At trial, the High Court found in favour of the Douglases. However, the judgment was not based on a law of privacy but, based on the specific facts of the case, by relying on long established principles of the law of confidence. In being able to grant rights to publish pictures, the Douglases had a commodity, the value of which depended upon it being kept secret and then made public in a controlled way. Any unauthorised publication would be a breach of commercial confidence. Put simply, all photographs of the wedding were deemed to be confidential information. The unauthorised photographs of the wedding were a disclosure of information that was protected by confidence and the publication by Hello! of the unauthorised photographs was a breach of confidence.

Unfortunately for the pro-privacy law lobby the judgment avoided creating a law of privacy, as the judge felt that the arguments for the existence of a free-standing right of privacy had not been made. The justification for such a right depends, arguably, on English law being so inadequate that individual rights to private and family life are not properly protected. In this case such an inadequacy could not be demonstrated, and the common law breach of confidence was sufficient to both protect the Douglases and to provide them with adequate remedy.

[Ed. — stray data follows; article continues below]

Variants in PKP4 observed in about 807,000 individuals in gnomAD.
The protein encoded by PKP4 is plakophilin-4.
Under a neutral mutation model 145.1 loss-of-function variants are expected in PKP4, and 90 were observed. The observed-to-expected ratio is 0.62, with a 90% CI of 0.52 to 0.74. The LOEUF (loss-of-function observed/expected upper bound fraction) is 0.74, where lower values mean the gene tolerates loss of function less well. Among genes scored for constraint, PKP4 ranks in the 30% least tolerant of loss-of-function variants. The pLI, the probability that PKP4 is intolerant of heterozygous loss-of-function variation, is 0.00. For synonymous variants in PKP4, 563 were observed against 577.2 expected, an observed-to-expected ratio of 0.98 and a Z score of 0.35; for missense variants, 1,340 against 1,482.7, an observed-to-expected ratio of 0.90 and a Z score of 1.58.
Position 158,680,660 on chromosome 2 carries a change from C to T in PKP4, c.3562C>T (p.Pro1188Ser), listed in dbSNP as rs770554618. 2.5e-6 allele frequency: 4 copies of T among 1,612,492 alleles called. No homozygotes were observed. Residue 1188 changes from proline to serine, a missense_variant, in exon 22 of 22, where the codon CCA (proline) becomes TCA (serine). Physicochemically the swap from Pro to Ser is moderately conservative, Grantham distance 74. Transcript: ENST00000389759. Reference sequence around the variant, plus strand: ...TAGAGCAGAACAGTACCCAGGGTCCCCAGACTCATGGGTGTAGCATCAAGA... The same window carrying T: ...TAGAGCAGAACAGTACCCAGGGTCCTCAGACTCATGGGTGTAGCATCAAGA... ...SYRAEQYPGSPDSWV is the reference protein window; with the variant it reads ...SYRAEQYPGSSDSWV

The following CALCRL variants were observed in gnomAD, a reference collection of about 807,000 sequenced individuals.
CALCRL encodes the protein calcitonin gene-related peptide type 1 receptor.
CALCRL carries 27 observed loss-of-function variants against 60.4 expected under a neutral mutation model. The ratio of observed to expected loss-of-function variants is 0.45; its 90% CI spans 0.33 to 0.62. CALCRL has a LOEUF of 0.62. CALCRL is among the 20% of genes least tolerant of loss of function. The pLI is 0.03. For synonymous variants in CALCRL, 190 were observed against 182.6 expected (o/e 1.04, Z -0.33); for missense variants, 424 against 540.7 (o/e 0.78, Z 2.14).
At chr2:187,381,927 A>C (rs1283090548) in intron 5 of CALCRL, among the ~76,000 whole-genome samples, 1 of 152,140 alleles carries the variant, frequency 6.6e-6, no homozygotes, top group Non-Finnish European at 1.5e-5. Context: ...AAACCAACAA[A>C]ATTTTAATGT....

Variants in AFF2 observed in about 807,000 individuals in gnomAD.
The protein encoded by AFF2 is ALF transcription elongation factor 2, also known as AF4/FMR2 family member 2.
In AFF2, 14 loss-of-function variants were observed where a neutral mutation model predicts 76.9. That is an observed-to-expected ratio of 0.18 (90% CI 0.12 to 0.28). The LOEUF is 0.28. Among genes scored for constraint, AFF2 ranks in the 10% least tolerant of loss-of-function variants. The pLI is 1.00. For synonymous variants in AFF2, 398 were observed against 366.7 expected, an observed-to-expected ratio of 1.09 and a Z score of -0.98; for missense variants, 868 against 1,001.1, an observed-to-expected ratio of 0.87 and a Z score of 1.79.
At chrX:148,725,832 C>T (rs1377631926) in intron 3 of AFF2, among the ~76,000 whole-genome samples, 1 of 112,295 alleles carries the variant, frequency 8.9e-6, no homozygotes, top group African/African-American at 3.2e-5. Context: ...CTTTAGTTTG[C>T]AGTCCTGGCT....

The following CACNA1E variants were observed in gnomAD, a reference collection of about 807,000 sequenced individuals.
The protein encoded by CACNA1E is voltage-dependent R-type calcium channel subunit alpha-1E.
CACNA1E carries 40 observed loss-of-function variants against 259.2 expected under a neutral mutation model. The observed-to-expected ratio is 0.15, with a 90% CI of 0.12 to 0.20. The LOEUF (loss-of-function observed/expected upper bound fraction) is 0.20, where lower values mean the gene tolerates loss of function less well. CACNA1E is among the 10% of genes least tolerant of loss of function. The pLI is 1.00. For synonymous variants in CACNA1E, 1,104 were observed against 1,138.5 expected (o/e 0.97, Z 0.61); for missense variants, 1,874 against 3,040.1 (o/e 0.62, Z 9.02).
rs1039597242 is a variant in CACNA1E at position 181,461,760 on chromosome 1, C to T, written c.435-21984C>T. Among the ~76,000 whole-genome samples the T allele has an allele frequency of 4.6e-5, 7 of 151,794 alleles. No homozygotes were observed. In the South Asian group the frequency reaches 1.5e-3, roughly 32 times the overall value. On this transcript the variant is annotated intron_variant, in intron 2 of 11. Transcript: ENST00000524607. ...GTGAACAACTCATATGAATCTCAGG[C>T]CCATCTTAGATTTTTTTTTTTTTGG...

However, the judiciary again commented on the need for Parliament to determine the ramifications of recognising a wide right of privacy and legislate accordingly, adding that if Parliament could not, or would not, act on the issue of a law of privacy then in future cases where the facts do not allow for determination under the laws of confidence, or other ill-suited legislation, then the judiciary may be forced to so.

Despite Germany having a statutory law of privacy and the UK relying on the common law the results of the recent cases detailed above mirror each other. The issue now in the UK is whether Parliament will follow Germany’s lead and legislate on privacy before an individual brings a successful claim for breach of privacy which does not fall within the current definitions of breach of confidence thereby forcing the judiciary to create a new law of privacy.

The content of this article does not constitute legal advice and should not be relied on in that way. Specific advice should be sought about your specific circumstances.